Re: More votes in Debian? Any idea for improvement?
Stefano Zacchiroli <email@example.com> writes:
> On Sat, Mar 17, 2012 at 04:19:46PM -0700, Russ Allbery wrote:
>> I'm sure that's a large part of it, but I think people also avoid doing
>> this because it means not making decision by consensus. When some
>> central body hands down a decision, it almost guarantees that the
>> people on the "losing" side of that decision aren't going to feel
>> convinced and are probably going to be at least somewhat demotivated.
>> Now, whether the consensus process does any better at this is at least
>> debatable. But my impression is that it does do somewhat better, at
>> the cost of taking a lot of time and energy and usually multiple
>> (somewhat repetitive) rounds of the discussion.
>> The drawback of only using consensus, of course, is that it's very easy
>> to decide on the status quo by default. Consensus-based
>> decision-making is heavily biased towards the status quo, so I can
>> understand why people who would like to see a faster pace of change in
>> Debian are frustrated by it.
> Yes, exactly, I agree with this analysis, even though we probably have
> different perceptions of the various reasons why people would not be
> willing to refer issues to the technical committee. I'm probably biased
> by the fact that I've been "used", as DPL, as interface for questions
> like "should I refer this to the tech-ctte?". As such, I'm probably more
> aware of the negative part of the reason (delays) than of the positive
> one (preferring consensus).
That's good data to have. Thank you.
> Still, it should be pointed out that there often are people on the
> "losing" also for the "status quo" options. Those you mention as
> frustrated by the status quo are the people on the losing side. No less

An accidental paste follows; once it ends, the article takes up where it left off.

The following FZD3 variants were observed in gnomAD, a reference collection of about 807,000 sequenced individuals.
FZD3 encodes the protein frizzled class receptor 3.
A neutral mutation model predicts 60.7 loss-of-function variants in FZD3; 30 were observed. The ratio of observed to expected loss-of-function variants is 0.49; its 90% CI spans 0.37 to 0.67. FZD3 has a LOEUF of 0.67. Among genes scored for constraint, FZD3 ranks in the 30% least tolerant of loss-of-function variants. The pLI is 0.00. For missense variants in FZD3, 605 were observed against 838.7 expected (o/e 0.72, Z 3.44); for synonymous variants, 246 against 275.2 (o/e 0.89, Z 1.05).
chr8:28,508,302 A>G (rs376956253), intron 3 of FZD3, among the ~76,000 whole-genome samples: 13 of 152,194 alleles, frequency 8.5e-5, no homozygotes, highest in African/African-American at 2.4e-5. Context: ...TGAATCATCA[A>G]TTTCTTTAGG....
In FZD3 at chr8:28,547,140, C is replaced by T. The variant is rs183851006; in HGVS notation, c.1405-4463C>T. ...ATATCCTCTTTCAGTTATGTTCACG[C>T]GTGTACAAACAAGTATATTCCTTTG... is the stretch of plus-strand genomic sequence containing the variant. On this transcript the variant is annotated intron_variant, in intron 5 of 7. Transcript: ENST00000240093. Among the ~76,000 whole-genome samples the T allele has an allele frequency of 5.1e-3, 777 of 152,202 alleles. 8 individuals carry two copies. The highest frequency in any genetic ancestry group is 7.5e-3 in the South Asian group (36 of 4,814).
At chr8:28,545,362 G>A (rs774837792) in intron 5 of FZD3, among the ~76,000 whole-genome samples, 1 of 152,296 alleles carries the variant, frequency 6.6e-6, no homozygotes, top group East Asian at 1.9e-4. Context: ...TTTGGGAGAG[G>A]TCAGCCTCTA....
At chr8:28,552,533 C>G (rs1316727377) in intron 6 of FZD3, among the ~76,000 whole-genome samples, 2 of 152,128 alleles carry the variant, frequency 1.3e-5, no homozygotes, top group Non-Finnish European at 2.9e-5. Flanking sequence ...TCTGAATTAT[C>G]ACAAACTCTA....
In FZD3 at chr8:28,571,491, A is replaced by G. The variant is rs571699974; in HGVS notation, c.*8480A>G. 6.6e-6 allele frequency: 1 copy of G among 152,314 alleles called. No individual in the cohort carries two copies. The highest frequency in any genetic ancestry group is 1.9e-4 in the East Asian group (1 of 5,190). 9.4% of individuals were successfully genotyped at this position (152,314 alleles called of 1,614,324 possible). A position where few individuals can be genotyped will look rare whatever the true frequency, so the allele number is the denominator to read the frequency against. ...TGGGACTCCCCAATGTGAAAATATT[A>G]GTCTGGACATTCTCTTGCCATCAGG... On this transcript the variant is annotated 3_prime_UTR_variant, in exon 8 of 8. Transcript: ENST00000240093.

> than the people who would be on the losing side for decisions taken with
> methods other than consensus.
I think that the consensus process stands a better chance of making
everyone happy with the eventual outcome, but it's important not to
confuse "exhausting some of the parties so that they go silent" with
"making everyone happy," and I agree that the consensus process can do the
former as much as the latter. And interminable discussions are also
demotivating, and I can see plenty of situations where interminable
discussions are more frustrating than having someone make a decision that
one disagrees with but which at least has been made.
> I don't want to argue against consensus-based decision making, because I
> love it as a default mechanism. But I don't think it is correct to
> believe it is immune from the "losing side" issue.
> I don't have more than gut feelings to offer on this. But mine is that
> there are technical decision chapters --- again, mostly in the area of
> default picking --- where the bar for questioning past decisions is
> perceived as too high. Nobody wants yet another inconclusive -devel
> discussion on what is the default $this or $that, so we simply avoid
> discussing those. The matter is simpler to settle when the jurisdiction
> of the default picking is well defined (e.g. default settings for a
> specific package), but it is not when jurisdiction overlaps.
That does seem like a good place to add a somewhat more hierarchical
process, such as a time-boxed discussion on debian-devel (say, a week or
two) followed by a tech-ctte decision taking into account the debian-devel
Russ Allbery (firstname.lastname@example.org) <http://www.eyrie.org/~eagle/>